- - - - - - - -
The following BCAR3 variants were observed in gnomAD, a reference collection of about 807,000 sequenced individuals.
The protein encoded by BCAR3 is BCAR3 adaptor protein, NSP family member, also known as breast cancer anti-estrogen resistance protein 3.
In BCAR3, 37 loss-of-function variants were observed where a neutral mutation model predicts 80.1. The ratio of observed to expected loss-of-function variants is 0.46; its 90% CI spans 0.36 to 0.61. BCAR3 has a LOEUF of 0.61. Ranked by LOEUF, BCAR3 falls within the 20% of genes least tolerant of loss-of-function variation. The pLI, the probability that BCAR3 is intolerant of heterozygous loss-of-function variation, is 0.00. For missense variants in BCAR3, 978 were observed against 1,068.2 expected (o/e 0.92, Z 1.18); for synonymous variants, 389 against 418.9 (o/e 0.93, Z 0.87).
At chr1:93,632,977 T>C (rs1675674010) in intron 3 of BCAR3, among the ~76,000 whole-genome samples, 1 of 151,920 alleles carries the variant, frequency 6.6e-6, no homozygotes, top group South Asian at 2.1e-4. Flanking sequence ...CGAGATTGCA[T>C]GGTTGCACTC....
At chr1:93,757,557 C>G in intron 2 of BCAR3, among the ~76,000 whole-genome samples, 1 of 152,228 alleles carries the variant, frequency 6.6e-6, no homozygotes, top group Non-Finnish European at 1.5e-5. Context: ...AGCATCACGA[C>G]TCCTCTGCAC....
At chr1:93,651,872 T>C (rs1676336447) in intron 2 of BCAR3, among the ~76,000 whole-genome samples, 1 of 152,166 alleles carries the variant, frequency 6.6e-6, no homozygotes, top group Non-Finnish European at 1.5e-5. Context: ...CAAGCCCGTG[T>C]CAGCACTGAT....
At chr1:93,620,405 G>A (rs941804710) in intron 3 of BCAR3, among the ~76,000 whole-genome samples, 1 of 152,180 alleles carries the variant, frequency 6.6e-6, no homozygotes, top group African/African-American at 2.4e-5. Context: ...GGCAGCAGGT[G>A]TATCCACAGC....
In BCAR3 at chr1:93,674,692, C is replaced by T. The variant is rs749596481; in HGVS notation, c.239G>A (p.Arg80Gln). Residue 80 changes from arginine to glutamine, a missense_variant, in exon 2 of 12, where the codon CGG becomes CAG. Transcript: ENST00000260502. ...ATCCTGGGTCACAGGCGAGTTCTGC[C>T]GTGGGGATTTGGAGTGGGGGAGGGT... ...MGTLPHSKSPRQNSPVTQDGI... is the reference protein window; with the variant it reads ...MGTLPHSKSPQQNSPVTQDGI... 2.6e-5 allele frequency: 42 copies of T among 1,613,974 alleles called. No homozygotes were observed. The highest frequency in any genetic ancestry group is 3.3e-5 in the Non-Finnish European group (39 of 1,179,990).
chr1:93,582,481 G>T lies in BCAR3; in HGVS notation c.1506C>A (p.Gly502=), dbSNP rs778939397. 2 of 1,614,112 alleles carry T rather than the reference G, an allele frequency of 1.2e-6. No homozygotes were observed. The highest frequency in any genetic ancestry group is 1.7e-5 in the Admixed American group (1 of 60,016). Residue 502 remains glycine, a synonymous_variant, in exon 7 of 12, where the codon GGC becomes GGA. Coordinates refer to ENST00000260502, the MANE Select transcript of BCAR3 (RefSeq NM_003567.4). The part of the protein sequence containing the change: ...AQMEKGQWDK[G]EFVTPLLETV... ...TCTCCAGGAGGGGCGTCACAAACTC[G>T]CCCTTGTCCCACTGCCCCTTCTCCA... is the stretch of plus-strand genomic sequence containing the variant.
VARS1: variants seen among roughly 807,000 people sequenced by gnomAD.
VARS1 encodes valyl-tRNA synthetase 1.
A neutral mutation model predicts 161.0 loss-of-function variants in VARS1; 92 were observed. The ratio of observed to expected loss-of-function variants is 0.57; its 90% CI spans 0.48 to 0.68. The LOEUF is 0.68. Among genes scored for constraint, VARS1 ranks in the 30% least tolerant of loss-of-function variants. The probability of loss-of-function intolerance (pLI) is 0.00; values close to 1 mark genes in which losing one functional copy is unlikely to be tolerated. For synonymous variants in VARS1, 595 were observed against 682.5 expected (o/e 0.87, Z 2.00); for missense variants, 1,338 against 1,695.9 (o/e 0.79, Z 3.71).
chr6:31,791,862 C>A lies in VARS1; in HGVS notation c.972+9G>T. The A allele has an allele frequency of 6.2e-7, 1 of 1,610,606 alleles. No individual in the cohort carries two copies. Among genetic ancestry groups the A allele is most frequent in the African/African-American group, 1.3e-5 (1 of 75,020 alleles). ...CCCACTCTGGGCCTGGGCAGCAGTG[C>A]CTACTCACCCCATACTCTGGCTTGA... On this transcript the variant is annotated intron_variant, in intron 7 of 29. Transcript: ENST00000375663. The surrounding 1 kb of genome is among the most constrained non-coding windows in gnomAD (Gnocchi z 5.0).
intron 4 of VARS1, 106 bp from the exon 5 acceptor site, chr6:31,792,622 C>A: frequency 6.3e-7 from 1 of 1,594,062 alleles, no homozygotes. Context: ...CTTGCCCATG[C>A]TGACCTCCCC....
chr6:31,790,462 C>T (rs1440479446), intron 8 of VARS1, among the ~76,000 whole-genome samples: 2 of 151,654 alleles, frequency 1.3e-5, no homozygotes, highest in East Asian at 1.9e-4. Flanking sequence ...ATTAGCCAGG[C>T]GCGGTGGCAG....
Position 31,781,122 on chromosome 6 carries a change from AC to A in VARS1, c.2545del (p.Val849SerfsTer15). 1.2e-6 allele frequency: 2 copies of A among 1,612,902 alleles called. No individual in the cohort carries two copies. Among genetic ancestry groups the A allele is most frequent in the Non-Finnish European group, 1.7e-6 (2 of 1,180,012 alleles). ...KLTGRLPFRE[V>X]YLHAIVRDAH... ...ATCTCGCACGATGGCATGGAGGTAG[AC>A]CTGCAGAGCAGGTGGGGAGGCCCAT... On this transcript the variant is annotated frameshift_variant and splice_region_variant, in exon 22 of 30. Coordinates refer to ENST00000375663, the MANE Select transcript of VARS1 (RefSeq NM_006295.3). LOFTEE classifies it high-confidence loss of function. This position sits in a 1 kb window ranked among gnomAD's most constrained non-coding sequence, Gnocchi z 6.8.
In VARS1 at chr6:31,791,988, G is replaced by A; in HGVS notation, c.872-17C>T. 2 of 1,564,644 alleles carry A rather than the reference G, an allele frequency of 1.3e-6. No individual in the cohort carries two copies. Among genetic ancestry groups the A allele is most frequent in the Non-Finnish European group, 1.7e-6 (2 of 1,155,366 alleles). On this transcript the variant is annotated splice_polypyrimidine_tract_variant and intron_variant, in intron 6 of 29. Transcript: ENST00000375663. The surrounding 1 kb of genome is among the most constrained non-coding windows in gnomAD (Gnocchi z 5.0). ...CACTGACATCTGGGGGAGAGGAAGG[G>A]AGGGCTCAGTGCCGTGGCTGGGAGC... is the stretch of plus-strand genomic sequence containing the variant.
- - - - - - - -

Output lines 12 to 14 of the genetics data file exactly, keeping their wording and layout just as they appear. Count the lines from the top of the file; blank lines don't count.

A neutral mutation model predicts 161.0 loss-of-function variants in VARS1; 92 were observed. The ratio of observed to expected loss-of-function variants is 0.57; its 90% CI spans 0.48 to 0.68. The LOEUF is 0.68. Among genes scored for constraint, VARS1 ranks in the 30% least tolerant of loss-of-function variants. The probability of loss-of-function intolerance (pLI) is 0.00; values close to 1 mark genes in which losing one functional copy is unlikely to be tolerated. For synonymous variants in VARS1, 595 were observed against 682.5 expected (o/e 0.87, Z 2.00); for missense variants, 1,338 against 1,695.9 (o/e 0.79, Z 3.71).
chr6:31,791,862 C>A lies in VARS1; in HGVS notation c.972+9G>T. The A allele has an allele frequency of 6.2e-7, 1 of 1,610,606 alleles. No individual in the cohort carries two copies. Among genetic ancestry groups the A allele is most frequent in the African/African-American group, 1.3e-5 (1 of 75,020 alleles). ...CCCACTCTGGGCCTGGGCAGCAGTG[C>A]CTACTCACCCCATACTCTGGCTTGA... On this transcript the variant is annotated intron_variant, in intron 7 of 29. Transcript: ENST00000375663. The surrounding 1 kb of genome is among the most constrained non-coding windows in gnomAD (Gnocchi z 5.0).
intron 4 of VARS1, 106 bp from the exon 5 acceptor site, chr6:31,792,622 C>A: frequency 6.3e-7 from 1 of 1,594,062 alleles, no homozygotes. Context: ...CTTGCCCATG[C>A]TGACCTCCCC....